Premixes for Yogurt and Other Cultured Milk Desserts
Yogurts (and other cultured milk desserts) are produced by fermentation of milk by the addition of certain types of bacteria, e.g. Streptococcus thermophilus and Lactobacillus bulgaricus.View PDF
Generally a yogurt is classified as one of two types: Stirred Yogurt which is fermented in bulk before packing and Set Yogurt which is fermented in the consumer pack (see fig. 1). Before addition of the starter culture, referred to as “inoculation”, a number of ingredients may be added to the milk:
- Milk powder and other milk solids non-fat (MSNF) such as whey powder (where permitted). This contributes to the structure of the yogurt, giving a richer, creamier “mouthfeel”.
- Sugar and/or sweeteners.
- Chocolate crumb and/or cocoa powder is added to chocolate and chocolate flavor products.
- Thickening and stabilizing agents such as gelatine, pectin, xanthan gum, starch, etc. These bind free water in the milk, which helps to prevent whey separation (“syneresis”) and can be used to obtain a variety of viscosity and texture modifications.
The premix of milk and other ingredients is prepared in a similar manner for both stirred and set yogurts. Typically this is carried out on a continuous basis. The formulation varies according to a number of factors:
- Whether the end product is to be sweetened, unsweetened, sugar-free, low-fat, fat-free, etc.
- The desired modification of the viscosity naturally obtained from the fermentation process.
- Legislation which controls the use of additives in many countries.
A typical premix would be prepared as follows:
- Milk powder, whey powder or other MSNF is added to the incoming milk, to standardize the fat and dry solids content.
- Thickening and stabilizing additives may be premixed with the sugar or other powdered ingredients. This reduces the formation of agglomerates by separating the grains and also “weights” the powder to prevent it floating on the surface of the liquid.
- The remaining ingredients are added.
- The premix is then pasteurized and homogenized.
A number of difficulties can be encountered when using conventional mixers for this process:
- Some powders, such as sugar, sink to the bottom of the vessel, while others, for example stabilizers, tend to float on the surface of the liquid and are difficult to wet out.
- Powders must be added at a controlled rate to reduce agglomeration of particles.
- Milk powder, whey powder and cocoa powder are very cohesive, making handling and controlled powder addition difficult.
- Premixing of powders increases labor costs and process time.
- Thickening and stabilizing additives have an even greater tendency to agglomerate. Conventional agitators do not produce sufficient shear to break these down.
- Potential full yield of some powders is difficult to obtain using traditional methods.
- Poor dispersion can lead to partially hydrated material building up on the vessel walls, impairing heat transfer.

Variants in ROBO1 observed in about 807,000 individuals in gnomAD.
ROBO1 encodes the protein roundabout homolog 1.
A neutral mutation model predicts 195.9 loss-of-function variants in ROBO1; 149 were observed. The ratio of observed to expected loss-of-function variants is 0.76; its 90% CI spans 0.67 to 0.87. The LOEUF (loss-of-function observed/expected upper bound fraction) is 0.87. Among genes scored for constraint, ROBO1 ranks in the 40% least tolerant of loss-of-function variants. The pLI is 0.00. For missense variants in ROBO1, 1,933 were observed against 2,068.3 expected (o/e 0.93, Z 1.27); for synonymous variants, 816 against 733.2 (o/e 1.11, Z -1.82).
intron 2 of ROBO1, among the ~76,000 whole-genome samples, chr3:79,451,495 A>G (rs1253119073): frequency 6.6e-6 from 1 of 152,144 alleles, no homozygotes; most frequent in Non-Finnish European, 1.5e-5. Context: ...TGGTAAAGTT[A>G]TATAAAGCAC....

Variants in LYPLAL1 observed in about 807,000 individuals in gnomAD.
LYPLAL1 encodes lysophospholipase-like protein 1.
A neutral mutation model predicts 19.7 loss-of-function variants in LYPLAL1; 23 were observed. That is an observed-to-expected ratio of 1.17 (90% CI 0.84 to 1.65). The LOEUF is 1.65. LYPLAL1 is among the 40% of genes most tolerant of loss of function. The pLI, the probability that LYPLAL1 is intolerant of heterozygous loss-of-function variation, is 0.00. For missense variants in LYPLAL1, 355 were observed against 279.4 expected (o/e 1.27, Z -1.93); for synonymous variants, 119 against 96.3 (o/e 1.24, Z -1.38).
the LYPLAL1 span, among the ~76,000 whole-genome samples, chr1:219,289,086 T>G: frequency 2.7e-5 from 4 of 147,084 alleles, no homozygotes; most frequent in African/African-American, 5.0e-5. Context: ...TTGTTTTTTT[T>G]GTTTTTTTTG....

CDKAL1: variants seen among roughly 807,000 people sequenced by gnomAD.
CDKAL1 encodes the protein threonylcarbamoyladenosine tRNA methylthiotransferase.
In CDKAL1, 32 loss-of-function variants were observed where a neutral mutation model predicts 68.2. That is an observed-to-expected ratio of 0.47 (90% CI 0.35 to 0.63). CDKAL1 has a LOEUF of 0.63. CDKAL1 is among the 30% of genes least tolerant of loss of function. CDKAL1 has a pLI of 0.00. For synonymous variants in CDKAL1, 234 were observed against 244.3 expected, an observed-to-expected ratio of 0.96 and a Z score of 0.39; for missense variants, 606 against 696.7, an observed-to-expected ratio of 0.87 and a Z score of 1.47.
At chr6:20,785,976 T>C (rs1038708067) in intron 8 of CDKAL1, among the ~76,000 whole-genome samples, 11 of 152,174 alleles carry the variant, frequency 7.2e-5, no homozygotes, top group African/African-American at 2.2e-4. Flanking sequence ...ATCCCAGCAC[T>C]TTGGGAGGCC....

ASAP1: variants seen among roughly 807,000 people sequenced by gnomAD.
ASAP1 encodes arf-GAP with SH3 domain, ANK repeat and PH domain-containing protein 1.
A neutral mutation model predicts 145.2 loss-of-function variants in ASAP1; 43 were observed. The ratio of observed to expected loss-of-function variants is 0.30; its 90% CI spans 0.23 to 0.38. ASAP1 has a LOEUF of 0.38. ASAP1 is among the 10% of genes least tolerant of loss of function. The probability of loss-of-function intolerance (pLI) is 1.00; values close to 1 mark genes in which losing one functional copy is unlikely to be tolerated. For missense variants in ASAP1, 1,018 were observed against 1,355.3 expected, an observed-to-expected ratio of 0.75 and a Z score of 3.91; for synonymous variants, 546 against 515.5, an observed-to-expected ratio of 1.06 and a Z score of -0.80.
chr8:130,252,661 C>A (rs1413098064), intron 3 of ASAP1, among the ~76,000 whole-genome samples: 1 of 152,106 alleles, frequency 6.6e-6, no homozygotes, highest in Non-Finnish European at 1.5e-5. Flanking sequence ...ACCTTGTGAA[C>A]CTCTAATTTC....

A Silverson High Shear mixer can overcome these difficulties. This can be achieved by adding an In-Line mixer to the existing process, for example at the discharge of a conventional powder/liquid continuous blending device. For bulk powder dispersion and large scale manufacturing, the Silverson Flashmix powder/liquid mixing system is most suitable. These operate on the rotor/stator principle as follows:
The high speed rotation of the rotor creates a powerful suction which draws liquid and powder into the workhead.
Centrifugal force drives the materials toward the periphery of the workhead where they are subjected to a milling action in the gap between the rotor and stator.
The product is forced out through the stator as fresh ingredients enter the workhead. In a short mixing cycle all the material passes through the workhead, accelerating the dissolving and hydration process.
- Dramatic reduction in mixing times.
- Significantly better yield than can be achieved by traditional methods.
- Improved vessel hygiene.
- Dry premixing is not necessary.
- Rapid powder absorption minimizes operator input/error.
The batch size, formulation, type of ingredients used and the viscosity of the end product dictates which Silverson product is best suited to individual processing requirements:
- Suitable for batch sizes up to 400 US gallons
- Many units can be used on mobile floor stands
- Small units available for R&D and pilot production
- Ideal for larger batches
- Aeration free
- Easily retrofitted to an existing plant
- Can be used to discharge vessel
- Ultra Sanitary models available
- Ideal for larger batches
- Capable of rapidly incorporating large volumes of powders
- Minimized aeration
- Minimized cleaning requirements
- Suitable for higher viscosity mixes
- Suitable for operation at higher temperature
- Minimum operator input required
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- Premixes for Yogurt and Other Cultured Milk Desserts
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